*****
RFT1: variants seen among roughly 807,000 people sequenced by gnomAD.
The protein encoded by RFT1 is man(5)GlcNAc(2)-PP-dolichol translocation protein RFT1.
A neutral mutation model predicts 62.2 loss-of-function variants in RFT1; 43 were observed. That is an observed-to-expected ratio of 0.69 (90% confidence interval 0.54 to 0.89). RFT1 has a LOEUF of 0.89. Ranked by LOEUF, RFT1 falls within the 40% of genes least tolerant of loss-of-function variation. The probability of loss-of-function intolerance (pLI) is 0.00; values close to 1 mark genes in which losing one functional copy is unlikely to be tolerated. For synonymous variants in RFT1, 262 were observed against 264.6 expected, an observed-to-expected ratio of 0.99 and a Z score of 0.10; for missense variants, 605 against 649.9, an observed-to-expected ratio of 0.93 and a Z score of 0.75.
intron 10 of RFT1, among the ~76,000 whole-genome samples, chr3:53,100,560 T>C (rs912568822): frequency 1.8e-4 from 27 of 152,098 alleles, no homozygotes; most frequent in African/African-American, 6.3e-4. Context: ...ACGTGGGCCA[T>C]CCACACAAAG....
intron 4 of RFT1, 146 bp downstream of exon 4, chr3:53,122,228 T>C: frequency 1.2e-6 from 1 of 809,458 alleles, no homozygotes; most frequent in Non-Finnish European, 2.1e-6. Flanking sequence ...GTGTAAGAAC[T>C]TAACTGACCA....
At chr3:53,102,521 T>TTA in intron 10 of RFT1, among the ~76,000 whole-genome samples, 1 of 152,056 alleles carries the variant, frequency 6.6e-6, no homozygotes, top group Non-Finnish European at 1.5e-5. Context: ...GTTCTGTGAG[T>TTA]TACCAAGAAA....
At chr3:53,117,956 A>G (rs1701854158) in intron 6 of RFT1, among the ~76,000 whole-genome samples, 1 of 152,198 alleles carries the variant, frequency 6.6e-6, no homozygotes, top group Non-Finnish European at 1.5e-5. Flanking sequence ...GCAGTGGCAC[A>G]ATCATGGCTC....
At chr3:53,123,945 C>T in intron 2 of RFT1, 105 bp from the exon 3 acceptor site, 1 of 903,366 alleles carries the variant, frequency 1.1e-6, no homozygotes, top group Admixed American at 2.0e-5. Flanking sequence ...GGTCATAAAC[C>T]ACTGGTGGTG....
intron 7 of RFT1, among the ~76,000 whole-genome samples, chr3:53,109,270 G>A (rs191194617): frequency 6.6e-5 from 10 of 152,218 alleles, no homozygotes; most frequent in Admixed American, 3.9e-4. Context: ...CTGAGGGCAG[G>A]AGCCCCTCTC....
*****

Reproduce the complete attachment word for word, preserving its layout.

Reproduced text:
RFT1: variants seen among roughly 807,000 people sequenced by gnomAD.
The protein encoded by RFT1 is man(5)GlcNAc(2)-PP-dolichol translocation protein RFT1.
A neutral mutation model predicts 62.2 loss-of-function variants in RFT1; 43 were observed. That is an observed-to-expected ratio of 0.69 (90% confidence interval 0.54 to 0.89). RFT1 has a LOEUF of 0.89. Ranked by LOEUF, RFT1 falls within the 40% of genes least tolerant of loss-of-function variation. The probability of loss-of-function intolerance (pLI) is 0.00; values close to 1 mark genes in which losing one functional copy is unlikely to be tolerated. For synonymous variants in RFT1, 262 were observed against 264.6 expected, an observed-to-expected ratio of 0.99 and a Z score of 0.10; for missense variants, 605 against 649.9, an observed-to-expected ratio of 0.93 and a Z score of 0.75.
intron 10 of RFT1, among the ~76,000 whole-genome samples, chr3:53,100,560 T>C (rs912568822): frequency 1.8e-4 from 27 of 152,098 alleles, no homozygotes; most frequent in African/African-American, 6.3e-4. Context: ...ACGTGGGCCA[T>C]CCACACAAAG....
intron 4 of RFT1, 146 bp downstream of exon 4, chr3:53,122,228 T>C: frequency 1.2e-6 from 1 of 809,458 alleles, no homozygotes; most frequent in Non-Finnish European, 2.1e-6. Flanking sequence ...GTGTAAGAAC[T>C]TAACTGACCA....
At chr3:53,102,521 T>TTA in intron 10 of RFT1, among the ~76,000 whole-genome samples, 1 of 152,056 alleles carries the variant, frequency 6.6e-6, no homozygotes, top group Non-Finnish European at 1.5e-5. Context: ...GTTCTGTGAG[T>TTA]TACCAAGAAA....
At chr3:53,117,956 A>G (rs1701854158) in intron 6 of RFT1, among the ~76,000 whole-genome samples, 1 of 152,198 alleles carries the variant, frequency 6.6e-6, no homozygotes, top group Non-Finnish European at 1.5e-5. Flanking sequence ...GCAGTGGCAC[A>G]ATCATGGCTC....
At chr3:53,123,945 C>T in intron 2 of RFT1, 105 bp from the exon 3 acceptor site, 1 of 903,366 alleles carries the variant, frequency 1.1e-6, no homozygotes, top group Admixed American at 2.0e-5. Flanking sequence ...GGTCATAAAC[C>T]ACTGGTGGTG....
intron 7 of RFT1, among the ~76,000 whole-genome samples, chr3:53,109,270 G>A (rs191194617): frequency 6.6e-5 from 10 of 152,218 alleles, no homozygotes; most frequent in Admixed American, 3.9e-4. Context: ...CTGAGGGCAG[G>A]AGCCCCTCTC....